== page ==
Newcastle Town Moor Hoppings

Newcastle Town Moor Hoppings


Posted 2014-06-13 by Margaret Watersfollow

Fri 19 Jun 2015 - Sat 27 Jun 2015

Get ready for the return of the Hoppings – Europe's biggest travelling fair, is coming back to Newcastle's Town Moor from June 19th – 27th 2015. This year you'll find over 300 attractions that include 100 major rides such as old favaourites like the log fume, big wheel and the good old fashioned carousel, as well as exciting new ones. The funfair is set to delight the crowds once more after 'rain stopped play' last summer.

Children and adults of all ages will the adore this (almost) annual spectacle as the ancient grazing land of the Freemen of the City comes alive with colour and sound.

The travelling show, organised by the Showmen's Guild of Great Britain, is now in it's 132nd year and historically takes place on the last full week of June - which used to be known as 'Race Week' in bygone days. It has been rained off in recent times, with the month of June in the last few years being some of the wettest on record. The ground at the Town Moor became a quagmire, making the land too unstable for the huge rides to be set up safely and the weather too wet for visitors to venture out.

It's hoped the rain will hold off this year and that the 'Hoppings' will be 'all systems go' as daily weather reports are being studied avidly by the organisers and the local authorities.

The first 'Hoppings' in the city was in 1882 and corresponded with the moving of the race meetings from the Town Moor to Gosforth Park Racecourse outside the city. It was a gesture by the Newcastle Temperance Movement to provide alternative entertainment to working families in the North East, where drunkenness was a growing problem in the late 19th Century.

The name 'Hoppings' is thought to derive from an old fashioned word for 'dane' - as in 'the village hop', a term that was still around in the 1940s and 50s and didn't actually acquire the name until that period.

A time to let your hair down and have fun, it's now a Geordie institution, etched into generations of local people's memories.

Over 200,000 people attended that first event and there wasn't a single case of drunkenness recorded at the time. Since then the fair has gone from strength to strength, bringing all the fun of the fair and live music performances together to make an even more spectacular event in recent years. Watch this space for details of this year's live music acts.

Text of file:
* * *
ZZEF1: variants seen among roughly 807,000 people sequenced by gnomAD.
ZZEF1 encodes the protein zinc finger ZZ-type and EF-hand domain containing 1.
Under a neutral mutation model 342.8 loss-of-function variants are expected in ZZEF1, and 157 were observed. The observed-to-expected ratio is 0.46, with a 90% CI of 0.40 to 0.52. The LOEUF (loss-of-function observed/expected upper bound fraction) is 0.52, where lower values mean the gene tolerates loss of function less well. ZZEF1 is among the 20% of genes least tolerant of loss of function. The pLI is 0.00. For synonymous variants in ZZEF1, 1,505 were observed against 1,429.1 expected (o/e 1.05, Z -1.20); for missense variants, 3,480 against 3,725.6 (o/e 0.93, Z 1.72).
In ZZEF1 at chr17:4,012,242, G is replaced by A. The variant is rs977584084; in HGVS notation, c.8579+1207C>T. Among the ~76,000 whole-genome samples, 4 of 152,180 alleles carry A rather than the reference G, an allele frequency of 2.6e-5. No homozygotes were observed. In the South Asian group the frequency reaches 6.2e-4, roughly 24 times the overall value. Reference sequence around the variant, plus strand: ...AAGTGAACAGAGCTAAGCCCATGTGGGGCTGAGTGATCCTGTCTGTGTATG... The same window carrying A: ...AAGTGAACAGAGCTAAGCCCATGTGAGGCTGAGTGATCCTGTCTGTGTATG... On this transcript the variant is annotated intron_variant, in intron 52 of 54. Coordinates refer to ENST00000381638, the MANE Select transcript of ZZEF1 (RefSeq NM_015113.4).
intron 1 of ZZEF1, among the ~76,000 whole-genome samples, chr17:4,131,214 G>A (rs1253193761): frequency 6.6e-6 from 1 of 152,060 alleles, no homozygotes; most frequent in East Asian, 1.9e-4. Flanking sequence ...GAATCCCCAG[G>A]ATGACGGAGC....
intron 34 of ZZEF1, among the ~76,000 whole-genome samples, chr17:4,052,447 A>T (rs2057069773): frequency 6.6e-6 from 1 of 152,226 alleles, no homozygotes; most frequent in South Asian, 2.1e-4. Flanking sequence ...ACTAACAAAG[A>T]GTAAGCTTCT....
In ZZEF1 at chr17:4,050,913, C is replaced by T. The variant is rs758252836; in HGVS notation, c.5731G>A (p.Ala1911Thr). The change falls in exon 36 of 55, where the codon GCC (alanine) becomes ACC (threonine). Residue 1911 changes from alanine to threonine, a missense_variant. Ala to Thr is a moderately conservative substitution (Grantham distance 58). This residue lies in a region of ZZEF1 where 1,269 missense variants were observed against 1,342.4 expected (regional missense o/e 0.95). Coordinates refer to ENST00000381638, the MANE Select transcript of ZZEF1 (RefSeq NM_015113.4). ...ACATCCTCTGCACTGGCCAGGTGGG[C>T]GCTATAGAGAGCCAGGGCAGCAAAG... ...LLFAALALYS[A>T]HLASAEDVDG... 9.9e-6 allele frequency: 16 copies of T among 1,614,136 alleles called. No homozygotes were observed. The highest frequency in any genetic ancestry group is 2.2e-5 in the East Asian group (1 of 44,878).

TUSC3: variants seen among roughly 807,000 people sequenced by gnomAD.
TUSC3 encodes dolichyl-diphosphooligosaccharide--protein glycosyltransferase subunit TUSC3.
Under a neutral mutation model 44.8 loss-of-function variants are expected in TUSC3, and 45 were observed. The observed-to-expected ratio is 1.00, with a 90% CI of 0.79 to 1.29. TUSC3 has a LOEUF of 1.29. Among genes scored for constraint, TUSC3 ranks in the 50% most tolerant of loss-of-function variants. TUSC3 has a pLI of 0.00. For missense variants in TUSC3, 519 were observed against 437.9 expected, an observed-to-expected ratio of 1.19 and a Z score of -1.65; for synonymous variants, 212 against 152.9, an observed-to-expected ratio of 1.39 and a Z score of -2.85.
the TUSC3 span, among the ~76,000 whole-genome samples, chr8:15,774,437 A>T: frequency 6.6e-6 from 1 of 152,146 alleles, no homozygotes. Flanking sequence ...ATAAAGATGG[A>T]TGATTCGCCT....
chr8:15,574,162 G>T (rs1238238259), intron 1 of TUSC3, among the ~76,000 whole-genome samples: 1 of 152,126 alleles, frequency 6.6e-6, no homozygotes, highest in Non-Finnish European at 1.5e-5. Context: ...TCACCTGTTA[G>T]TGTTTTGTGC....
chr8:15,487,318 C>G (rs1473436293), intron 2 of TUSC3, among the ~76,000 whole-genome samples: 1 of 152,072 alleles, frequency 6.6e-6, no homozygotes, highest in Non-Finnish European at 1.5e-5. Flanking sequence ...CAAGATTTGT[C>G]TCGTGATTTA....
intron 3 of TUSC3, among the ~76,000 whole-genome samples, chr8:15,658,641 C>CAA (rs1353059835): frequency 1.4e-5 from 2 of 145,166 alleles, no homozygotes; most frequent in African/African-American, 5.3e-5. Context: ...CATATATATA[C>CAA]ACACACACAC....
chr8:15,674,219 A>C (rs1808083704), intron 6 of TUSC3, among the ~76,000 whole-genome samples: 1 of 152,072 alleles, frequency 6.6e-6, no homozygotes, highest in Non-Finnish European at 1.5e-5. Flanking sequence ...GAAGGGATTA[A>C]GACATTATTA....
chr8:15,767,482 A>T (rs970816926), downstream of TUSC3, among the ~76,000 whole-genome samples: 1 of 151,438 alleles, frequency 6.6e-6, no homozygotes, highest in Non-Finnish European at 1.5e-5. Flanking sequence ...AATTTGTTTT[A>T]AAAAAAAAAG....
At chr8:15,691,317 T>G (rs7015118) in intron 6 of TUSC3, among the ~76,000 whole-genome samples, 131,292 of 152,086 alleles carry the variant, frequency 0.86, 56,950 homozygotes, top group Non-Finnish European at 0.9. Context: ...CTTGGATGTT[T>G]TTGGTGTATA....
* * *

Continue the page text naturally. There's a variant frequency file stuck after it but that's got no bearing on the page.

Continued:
My first experience of the 'Hoppings' was in the 1970s when I was in my late teens and working in Newcastle. Along with a bunch of friends, we walked from our city centre office after finishing time and joined the throng as we neared the city's Haymarket area not far from the Town Moor.

Due to the long summer nights, it was still light but as darkness set in the whole place just came alive.

First there was the Waltzer, that spins you around while you scream your head off, and then Meteorite, which is a huge circular cage that takes about 20-30 people and virtually defies gravity and almost takes off as it spins faster and faster; the centrifugal force, immobilising you into position as it pins you to the outer wall of the cage - it was great.

Then there was the giant 'Viking Ship' which swung fore and aft, getting higher and higher until you could look vertically down on the people who were once sitting opposite you. Like a giant 'shuggy boat' that you once played on in your local park, however this vessel needed no human effort to get it moving, save the pulling of a lever by a travelling teenage 'roustabout' – who always looked pretty cool.

All this with chart-topping music and dizzying rides as you are whirled, hurled and spun frenetically in all directions and your senses are assaulted from all sides.

Back in the day, you paid individually for each ride but now you can obtain vouchers before you go to help you budget for a full evening of entertainment on 'The Toon'.

It's come a long way since the 1880s and these days the mere mention of some of these magnificently mind-boggling, multifaceted machines is enough to trigger a mini mal-de-mer of motion sickness. I think I'll stick to tamer activities and leave the swings and roundabouts of the funfair to my grandkids.

With the usual hot dogs, candy floss and other goodies on sale from surrounding stalls, just make sure you don't have too many fizzy drinks before you go on some of the rides.

Height restrictions on some rides may apply and raincoats and wellies might be a good idea.

Directions -
Nearest Tyne & Wear Metro station - Haymarket.
Nearest Mainline station - Newcastle Central Station (which connects to Haymarket Metro on the airport line).
Buses from Northumberland - Haymarket bus station.

!date 19/06/2015 -- 27/06/2015
72878 - 2023-01-26 02:05:53


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